Reports that have come to light of a secret program of Yahoo to search the incoming emails of customers have provoked other tech giants to deny receiving requests of a similar nature from the U.S. government.

The program was created in 2015 through an order from the government that was classified and involves Yahoo searching hundreds of millions of its user accounts at the request of the FBI or the National Security Agency.

Other tech companies in the U.S., including Microsoft, Google, Facebook and Twitter have denied doing something similar. Most said as well that they would challenge that type of request through court action.

Advocates for privacy said the enlisting of Yahoo by the government to assist in monitoring email was wrong.

An ACLU attorney said it appears that the order Yahoo was issued appeared to be both unconstitutional and unprecedented.

Other opinions exist amongst legal experts. The issue said one legal expert underscores the gray area of legal issues that today’s tech industry and the government of the U.S. have not yet clarified.

It is common knowledge that on a routine basis the U.S. government requests data of users from the U.S. tech industry to help in its surveillance.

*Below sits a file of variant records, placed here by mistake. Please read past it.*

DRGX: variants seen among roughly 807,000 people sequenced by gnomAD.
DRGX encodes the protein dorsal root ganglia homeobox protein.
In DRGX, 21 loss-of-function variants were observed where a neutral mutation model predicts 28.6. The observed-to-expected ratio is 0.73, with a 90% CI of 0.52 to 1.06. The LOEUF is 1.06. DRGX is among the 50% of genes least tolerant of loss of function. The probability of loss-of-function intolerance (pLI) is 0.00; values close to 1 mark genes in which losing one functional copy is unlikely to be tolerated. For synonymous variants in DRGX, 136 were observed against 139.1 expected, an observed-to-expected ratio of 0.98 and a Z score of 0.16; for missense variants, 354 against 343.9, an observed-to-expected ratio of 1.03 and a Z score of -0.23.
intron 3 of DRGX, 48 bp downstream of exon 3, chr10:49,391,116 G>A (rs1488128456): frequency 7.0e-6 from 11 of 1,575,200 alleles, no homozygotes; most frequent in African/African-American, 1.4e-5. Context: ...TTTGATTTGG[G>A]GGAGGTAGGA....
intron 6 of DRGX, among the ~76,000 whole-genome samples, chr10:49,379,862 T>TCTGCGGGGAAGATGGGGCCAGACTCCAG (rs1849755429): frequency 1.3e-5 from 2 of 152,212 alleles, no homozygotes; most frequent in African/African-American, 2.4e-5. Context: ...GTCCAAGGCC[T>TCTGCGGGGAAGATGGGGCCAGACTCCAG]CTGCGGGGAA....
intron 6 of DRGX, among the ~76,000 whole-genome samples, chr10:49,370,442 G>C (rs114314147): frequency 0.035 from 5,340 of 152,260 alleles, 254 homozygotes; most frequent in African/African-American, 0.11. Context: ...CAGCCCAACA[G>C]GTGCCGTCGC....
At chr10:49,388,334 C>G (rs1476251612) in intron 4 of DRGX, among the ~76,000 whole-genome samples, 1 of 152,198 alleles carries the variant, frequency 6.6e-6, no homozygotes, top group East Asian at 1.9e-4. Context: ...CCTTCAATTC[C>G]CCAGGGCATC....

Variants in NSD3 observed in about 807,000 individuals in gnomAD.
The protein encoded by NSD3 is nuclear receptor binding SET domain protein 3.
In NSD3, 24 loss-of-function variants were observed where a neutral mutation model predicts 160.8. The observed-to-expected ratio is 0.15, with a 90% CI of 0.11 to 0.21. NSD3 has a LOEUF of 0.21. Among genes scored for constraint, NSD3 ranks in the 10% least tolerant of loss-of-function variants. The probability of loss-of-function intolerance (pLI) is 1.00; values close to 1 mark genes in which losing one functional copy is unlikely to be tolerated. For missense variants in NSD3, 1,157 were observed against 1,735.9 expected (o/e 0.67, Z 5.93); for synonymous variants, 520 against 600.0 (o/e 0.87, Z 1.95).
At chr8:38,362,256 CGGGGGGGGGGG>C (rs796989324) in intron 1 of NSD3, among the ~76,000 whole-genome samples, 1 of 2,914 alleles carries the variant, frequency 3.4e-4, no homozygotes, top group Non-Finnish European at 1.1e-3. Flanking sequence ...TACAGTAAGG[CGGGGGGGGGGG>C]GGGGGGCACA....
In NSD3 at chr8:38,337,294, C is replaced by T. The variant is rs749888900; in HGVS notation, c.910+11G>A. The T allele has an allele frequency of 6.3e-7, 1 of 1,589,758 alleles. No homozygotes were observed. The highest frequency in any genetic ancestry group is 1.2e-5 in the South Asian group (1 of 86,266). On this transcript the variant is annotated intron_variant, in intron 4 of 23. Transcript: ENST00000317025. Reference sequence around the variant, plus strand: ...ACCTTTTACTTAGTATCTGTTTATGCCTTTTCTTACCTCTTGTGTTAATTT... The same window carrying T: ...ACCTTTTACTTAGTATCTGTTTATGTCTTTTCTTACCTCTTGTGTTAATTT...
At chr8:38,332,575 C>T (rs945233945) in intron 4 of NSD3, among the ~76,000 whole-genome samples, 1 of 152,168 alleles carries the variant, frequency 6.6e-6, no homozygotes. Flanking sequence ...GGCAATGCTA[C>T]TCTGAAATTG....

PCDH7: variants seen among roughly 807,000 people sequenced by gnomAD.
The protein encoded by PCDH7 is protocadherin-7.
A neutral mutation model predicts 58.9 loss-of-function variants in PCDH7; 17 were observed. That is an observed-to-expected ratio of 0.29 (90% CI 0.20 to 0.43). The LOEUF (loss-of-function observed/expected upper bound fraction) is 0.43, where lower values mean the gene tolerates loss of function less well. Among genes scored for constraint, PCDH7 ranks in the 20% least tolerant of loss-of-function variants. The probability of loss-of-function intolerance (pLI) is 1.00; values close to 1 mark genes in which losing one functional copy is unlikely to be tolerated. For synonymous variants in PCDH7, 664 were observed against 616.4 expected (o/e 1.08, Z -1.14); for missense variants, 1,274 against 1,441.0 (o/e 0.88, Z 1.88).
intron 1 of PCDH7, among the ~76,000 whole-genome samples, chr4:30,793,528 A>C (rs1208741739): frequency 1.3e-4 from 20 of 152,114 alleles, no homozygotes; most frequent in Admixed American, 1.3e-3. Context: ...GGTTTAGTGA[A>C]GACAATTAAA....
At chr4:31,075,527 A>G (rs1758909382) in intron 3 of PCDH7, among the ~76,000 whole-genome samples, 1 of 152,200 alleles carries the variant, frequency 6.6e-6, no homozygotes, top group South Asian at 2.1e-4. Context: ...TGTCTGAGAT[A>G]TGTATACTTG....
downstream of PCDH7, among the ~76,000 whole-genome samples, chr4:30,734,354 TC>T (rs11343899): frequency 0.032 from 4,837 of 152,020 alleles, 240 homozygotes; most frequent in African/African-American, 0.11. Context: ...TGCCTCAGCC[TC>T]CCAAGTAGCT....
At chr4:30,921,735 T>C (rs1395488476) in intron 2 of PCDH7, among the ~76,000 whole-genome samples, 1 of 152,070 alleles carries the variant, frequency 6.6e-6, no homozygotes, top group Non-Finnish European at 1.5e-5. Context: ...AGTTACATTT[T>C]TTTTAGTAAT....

Former contractor with the NSA Edward Snowden was instrumental in exposing additional details of the practices the government carries out.

The initiative with Yahoo might have gone further than other requests for information by being broader in scope.

It was reported, that Yahoo was searching through incoming emails of every customer in real time, which means it might have been spying on users that were outside the United States.

It is also possible that the spying violated other countries’ privacy laws, said a legal expert. Europe for example, said the expert, has much stricter privacy rights than does the U.S.

Experts in cybersecurity also question whether the tech giant had complied with other requests from different foreign governments.

Yahoo to date has not publicly given out any details of this program or even given confirmation that it exists. Tuesday afternoon the company released a statement that said it was a law-abiding company that complies with U.S. laws.

The mass searching program for Yahoo emails could be one of many already setup, said the chief of a security firm that specializes in Internet security. Internet companies said the security expert are increasingly encrypting data, which makes to harder for authorities to extract any information via their own surveillance methods.

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